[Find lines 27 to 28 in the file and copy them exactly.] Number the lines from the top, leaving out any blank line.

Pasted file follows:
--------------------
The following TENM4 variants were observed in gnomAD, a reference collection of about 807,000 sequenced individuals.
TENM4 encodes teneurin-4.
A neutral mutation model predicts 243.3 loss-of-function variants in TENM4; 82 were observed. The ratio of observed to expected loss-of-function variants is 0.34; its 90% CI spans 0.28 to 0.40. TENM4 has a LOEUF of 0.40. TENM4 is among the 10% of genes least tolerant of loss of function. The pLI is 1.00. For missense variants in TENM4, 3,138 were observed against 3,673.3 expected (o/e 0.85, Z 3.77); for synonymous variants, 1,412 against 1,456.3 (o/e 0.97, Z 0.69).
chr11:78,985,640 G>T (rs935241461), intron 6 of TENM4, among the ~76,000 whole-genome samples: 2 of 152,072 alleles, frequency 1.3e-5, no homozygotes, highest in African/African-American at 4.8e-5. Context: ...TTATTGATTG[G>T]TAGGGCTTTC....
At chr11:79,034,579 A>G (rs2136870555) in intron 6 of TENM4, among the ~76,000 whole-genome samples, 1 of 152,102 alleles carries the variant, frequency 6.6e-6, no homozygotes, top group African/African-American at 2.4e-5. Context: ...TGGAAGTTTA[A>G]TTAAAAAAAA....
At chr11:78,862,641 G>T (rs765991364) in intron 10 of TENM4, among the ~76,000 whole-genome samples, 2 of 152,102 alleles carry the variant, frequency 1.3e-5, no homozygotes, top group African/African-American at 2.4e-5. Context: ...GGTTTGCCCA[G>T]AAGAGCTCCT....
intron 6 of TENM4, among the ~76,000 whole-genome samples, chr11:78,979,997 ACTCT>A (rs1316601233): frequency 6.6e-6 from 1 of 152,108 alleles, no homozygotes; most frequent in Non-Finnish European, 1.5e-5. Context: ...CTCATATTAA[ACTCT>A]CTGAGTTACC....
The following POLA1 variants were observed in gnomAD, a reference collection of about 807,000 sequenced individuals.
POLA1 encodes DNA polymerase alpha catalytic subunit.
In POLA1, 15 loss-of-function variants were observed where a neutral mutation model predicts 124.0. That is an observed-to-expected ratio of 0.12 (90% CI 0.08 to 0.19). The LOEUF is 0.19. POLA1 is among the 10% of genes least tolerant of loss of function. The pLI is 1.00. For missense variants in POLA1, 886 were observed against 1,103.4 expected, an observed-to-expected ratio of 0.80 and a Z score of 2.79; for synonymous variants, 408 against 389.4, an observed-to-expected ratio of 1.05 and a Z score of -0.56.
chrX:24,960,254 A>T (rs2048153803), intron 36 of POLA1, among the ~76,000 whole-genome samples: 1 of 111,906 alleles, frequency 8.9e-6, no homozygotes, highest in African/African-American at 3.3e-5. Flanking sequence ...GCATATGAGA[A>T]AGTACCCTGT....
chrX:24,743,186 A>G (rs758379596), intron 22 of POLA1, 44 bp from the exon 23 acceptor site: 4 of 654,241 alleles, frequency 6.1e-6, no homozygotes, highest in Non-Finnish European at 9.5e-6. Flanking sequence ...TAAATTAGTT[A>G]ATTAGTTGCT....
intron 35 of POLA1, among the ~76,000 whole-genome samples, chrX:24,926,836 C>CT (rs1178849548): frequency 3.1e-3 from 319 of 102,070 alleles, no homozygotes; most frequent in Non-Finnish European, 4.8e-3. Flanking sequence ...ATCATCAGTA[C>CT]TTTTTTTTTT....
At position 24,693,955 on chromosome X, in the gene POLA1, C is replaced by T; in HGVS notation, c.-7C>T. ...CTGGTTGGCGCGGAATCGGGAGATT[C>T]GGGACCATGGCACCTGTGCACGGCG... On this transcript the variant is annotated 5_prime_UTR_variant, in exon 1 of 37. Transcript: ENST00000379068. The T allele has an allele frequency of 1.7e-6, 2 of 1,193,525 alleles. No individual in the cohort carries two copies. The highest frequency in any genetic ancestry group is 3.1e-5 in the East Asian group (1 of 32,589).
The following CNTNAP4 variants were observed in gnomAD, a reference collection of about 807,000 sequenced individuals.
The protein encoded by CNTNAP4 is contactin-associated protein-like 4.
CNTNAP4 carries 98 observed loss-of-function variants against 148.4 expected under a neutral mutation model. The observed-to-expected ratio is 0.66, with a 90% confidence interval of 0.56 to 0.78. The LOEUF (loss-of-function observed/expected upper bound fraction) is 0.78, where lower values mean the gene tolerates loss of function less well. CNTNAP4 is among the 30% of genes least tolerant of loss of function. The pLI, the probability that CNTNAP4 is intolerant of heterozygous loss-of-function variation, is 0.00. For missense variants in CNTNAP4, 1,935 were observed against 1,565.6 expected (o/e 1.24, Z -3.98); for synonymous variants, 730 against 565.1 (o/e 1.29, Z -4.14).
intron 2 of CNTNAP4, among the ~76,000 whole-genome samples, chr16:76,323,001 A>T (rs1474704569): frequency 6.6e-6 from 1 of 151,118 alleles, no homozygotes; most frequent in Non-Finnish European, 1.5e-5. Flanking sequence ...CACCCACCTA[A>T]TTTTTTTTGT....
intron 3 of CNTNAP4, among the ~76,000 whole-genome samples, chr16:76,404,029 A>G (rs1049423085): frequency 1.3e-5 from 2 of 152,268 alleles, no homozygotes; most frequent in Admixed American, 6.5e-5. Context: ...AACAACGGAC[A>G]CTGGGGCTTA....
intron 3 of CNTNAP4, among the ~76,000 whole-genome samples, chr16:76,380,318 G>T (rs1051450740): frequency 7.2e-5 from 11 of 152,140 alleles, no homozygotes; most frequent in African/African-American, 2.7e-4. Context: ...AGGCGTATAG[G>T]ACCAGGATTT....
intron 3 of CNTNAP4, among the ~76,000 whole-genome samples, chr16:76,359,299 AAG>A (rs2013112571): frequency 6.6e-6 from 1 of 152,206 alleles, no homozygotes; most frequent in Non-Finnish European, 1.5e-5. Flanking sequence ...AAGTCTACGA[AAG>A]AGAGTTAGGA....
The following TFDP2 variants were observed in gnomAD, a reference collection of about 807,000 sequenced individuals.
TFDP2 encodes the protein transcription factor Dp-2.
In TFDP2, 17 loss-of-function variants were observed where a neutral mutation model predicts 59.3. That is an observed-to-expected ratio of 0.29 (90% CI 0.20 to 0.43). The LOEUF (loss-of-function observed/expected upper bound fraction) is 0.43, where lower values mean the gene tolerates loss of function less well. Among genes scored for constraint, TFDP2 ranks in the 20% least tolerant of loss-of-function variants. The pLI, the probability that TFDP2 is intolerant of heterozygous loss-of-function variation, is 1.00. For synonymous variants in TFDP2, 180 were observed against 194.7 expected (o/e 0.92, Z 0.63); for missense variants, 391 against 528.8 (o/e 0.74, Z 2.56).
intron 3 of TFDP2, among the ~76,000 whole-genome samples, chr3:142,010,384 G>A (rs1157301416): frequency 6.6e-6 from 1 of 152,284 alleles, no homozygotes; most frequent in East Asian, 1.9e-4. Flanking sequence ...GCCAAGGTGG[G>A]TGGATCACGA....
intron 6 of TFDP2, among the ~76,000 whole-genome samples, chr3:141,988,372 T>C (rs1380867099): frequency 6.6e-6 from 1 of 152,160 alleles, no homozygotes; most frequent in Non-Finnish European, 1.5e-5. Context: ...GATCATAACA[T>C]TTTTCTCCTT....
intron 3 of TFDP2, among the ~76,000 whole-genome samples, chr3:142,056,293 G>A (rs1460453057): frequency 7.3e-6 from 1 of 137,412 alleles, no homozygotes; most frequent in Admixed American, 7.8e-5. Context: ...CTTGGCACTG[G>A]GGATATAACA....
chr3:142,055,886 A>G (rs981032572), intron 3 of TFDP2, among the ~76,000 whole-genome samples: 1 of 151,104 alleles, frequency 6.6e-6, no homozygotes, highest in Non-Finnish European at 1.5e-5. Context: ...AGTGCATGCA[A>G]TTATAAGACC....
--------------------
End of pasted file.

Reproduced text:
intron 3 of TFDP2, among the ~76,000 whole-genome samples, chr3:142,056,293 G>A (rs1460453057): frequency 7.3e-6 from 1 of 137,412 alleles, no homozygotes; most frequent in Admixed American, 7.8e-5. Context: ...CTTGGCACTG[G>A]GGATATAACA....
chr3:142,055,886 A>G (rs981032572), intron 3 of TFDP2, among the ~76,000 whole-genome samples: 1 of 151,104 alleles, frequency 6.6e-6, no homozygotes, highest in Non-Finnish European at 1.5e-5. Context: ...AGTGCATGCA[A>G]TTATAAGACC....